Sam Sutherland:

We talked about holding the outcome in an open palm is a way that I like to phrase it, which is like, I see it sitting there, and I would like it, but I’m holding it gently. And if it chooses to fly away, and that’s not what I get as the outcome, well, my hand is there ready to catch something else. You know?

Lisa Corduff:

Yeah.

Sam Sutherland:

And when I approached that conversation with him like that, he just agreed, there was no more fights, there was no more animosity, there was no more mean text messages. It was just done. So yeah, the ocean is a big one for me for resetting my energy.

Sam Sutherland:

Another one is camping and being in nature. So the energy of the ocean is actually really different to the energy of the forest, even though they’re both nature. And I think the forest and camping and stuff can be really grounding, and it’s a different type of peaceful energy.

Lisa Corduff:

I love mountains. I love mountains.

Sam Sutherland:

Yeah. And it’s interesting, I think, how they all, the ocean versus the rain forest, versus some other forest, versus the mountains, they all have really different energy. And yet, they all bring me back to peace in some kind of way, a different kind of way. But I seek out nature where there’s not anyone there. So I live actually relatively close to Centennial Park, which is the biggest park in Sydney, which is really nice, but really busy. It doesn’t feel to me like a place where it’s peaceful and grounded.

Sam Sutherland:

Other ones, reading a great novel, doubly joyful. If I’m just reading a great novel lying in the sun, it’s triply joyful if it’s sun that’s not going to burn me.

Lisa Corduff:

Who sits in the sun? Are you talking under shade because-

Sam Sutherland:

My ideal is winter sun. So it’s not hot, and you can live fully in the sun, you won’t get burned. It keeps you nice and warm. And I can read my book, I love doing that. I also actually really love sleeping in the sun. So at the beach or in the park or whatever, but covered in sun cream or covered in something that’s going to minimise getting sunburn.

Sam Sutherland:

Seeing friends is something that really brings me a lot of joy, and I love being around people. I’m really extroverted like you are. And so I find being around people will always lift my energy. And I actually find just spending time with my son is super cheesy, but I still really get a lot of joy from hanging out with him and chatting to him and talking about stories. There’s a pub in between my house and his school, and he always wants to go there for dinner. And so maybe every fortnight we go there for dinner. That’s like a fun little mom-kid date. And hang out and chat and do the maze and the hidden picture thing while we’re waiting for food. And it’s a really lovely way to spend time with him. And yeah, I think that was on my list. Horse riding, which I love, but is a bit less accessible.

Lisa Corduff:

Yeah. I love that list. What a juicy list. These things are available to us if that’s what we’re seeking out, if that’s what our attention is on. I think it’s really, really important to remember that it’s okay if we don’t feel like accessing them sometimes. You know when you like, “I know their fucking rules.” And I talk about this with Lisa Carpenter when we share a conversation. And she was like, “Sometimes I just want to put all my tools in the fricking toolbox, kick the toolbox. I don’t want the tools.”

Sam Sutherland:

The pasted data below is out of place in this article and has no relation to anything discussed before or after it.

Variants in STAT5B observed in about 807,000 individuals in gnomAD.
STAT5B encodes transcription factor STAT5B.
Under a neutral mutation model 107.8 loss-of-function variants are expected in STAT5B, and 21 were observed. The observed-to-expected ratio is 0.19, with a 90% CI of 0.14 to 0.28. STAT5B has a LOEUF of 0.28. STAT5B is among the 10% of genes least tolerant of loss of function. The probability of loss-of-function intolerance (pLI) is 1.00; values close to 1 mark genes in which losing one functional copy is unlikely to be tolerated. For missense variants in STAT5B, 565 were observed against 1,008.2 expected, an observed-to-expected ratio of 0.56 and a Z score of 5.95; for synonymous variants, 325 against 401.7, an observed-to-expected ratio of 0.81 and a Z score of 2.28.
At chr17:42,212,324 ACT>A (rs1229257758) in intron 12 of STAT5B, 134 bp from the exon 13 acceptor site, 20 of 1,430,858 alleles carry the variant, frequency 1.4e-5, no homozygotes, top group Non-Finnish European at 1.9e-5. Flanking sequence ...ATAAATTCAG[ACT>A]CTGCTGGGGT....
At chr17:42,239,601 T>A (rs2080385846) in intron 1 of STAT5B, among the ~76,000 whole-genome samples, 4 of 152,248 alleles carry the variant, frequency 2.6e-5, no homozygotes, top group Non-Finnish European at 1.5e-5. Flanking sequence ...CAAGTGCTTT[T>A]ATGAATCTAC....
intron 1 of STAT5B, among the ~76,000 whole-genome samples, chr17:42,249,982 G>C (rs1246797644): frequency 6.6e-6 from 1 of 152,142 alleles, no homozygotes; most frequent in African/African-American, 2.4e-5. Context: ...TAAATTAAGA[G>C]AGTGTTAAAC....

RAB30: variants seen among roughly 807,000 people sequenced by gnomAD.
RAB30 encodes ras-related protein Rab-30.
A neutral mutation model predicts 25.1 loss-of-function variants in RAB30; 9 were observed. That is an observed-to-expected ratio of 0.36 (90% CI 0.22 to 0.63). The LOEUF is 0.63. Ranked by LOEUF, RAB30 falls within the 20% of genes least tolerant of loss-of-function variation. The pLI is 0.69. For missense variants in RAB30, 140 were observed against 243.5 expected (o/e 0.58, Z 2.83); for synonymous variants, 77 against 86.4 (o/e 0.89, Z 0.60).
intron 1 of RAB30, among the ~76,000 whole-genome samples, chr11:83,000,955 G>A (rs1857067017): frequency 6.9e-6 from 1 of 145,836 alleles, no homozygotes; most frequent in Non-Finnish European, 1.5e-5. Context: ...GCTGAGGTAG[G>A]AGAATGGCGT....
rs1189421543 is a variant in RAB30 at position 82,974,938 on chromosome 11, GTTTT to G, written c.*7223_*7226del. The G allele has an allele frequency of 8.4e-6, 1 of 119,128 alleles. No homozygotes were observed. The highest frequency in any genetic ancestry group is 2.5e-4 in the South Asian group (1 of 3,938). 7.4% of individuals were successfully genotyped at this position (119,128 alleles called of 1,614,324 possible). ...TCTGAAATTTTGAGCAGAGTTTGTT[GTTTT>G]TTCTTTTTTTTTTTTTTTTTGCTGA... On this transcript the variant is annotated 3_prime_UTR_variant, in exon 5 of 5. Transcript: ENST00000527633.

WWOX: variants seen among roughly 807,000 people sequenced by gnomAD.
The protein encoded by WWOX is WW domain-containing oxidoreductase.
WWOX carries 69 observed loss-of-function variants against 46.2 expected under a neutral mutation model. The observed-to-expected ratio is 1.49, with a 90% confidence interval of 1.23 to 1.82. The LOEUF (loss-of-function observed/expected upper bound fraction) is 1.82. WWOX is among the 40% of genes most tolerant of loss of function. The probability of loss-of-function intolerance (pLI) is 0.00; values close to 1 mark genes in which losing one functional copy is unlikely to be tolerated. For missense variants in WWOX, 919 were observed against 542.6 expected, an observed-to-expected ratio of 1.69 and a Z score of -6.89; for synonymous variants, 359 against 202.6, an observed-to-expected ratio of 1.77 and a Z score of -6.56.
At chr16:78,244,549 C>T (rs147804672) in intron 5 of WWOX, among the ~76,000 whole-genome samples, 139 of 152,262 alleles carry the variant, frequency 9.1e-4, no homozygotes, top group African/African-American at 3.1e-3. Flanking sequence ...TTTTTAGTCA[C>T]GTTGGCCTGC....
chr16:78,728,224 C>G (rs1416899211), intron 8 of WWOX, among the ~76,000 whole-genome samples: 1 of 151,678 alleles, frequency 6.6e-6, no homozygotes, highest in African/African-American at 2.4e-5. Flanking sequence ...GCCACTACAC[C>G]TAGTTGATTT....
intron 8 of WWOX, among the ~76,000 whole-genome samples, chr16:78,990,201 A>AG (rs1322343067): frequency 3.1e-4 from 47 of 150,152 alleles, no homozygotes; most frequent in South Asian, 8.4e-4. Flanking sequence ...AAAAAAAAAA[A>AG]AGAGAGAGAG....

“I don’t want to do anything.”

Lisa Corduff:

Yeah, so she said she was like, “I just want to watch baking shows on Netflix.” And it’s also okay to have those times. You don’t have to be on it all the time. When we’re ready or when we’re sick of ourselves or when we’re wanting to shift that vibration, fill ourselves up in ways that are accessible to us, that don’t rely on anybody else, that they’re just purely our little smile on the inside things, we can.

Sam Sutherland:

Yeah, yeah. And also, on that thing of like, we don’t always want to or have to do these things. Sometimes we just want to sleep on the couch and watch Netflix for hours. And I remember when I was talking to my therapist. Obviously, I’ve talked before about how I was so heartbroken after my divorce. And I was talking to my therapist, I can’t remember exactly what I was talking about, but maybe I was like, “Oh, well, I shouldn’t be dating because I’m not ready for a relationship,” or something like that. And he said, “Well, Sam, there are no prizes for getting to the end of this the hardest possible way. So why don’t you allow yourself to have some fun?” I don’t even know if it was about dating, just that line.

Sam Sutherland:

There’s no prizes for getting to the end of this the hardest possible way. And in fact, there’s so much about the journey, the destination anyway, maybe actually getting there the easiest possible way the most joyful pathway, the most peaceful possible way. Maybe that’s the prize itself? I mean, I don’t know if I’m winning that prize at the moment, however, it means it’s sort of a way of giving yourself permission to do the [crosstalk 00:26:05].

Lisa Corduff:

Right, right. Oh, I can’t even tell you I’ve had energy clearings to get rid of worry around being judged. And I was like, what that’s about? And oftentimes, it’s been about worrying that people are judging me for being okay, because you don’t want to be seen as being toxic, live positive or stuff like that.

Sam Sutherland:

[inaudible 00:26:38] care.

Lisa Corduff:

Yeah, or that I didn’t care. And I think that’s why I share sometimes, share so much tears and stuff like that, because I’m like, I am a naturally optimistic person. All my life, things work out. Sometimes, I now know that naivety of life is good all the time and we’re all… That bubble has been burst. Hard, terrible, tragic, traumatic things happen. And yet, I’ll find, if I give myself the space, to feel the feelings. I don’t have to attach to being in the feeling for a really long time. I naturally want to move to find the things. I’ll get my eyes to that water, so I can feel that.

Lisa Corduff: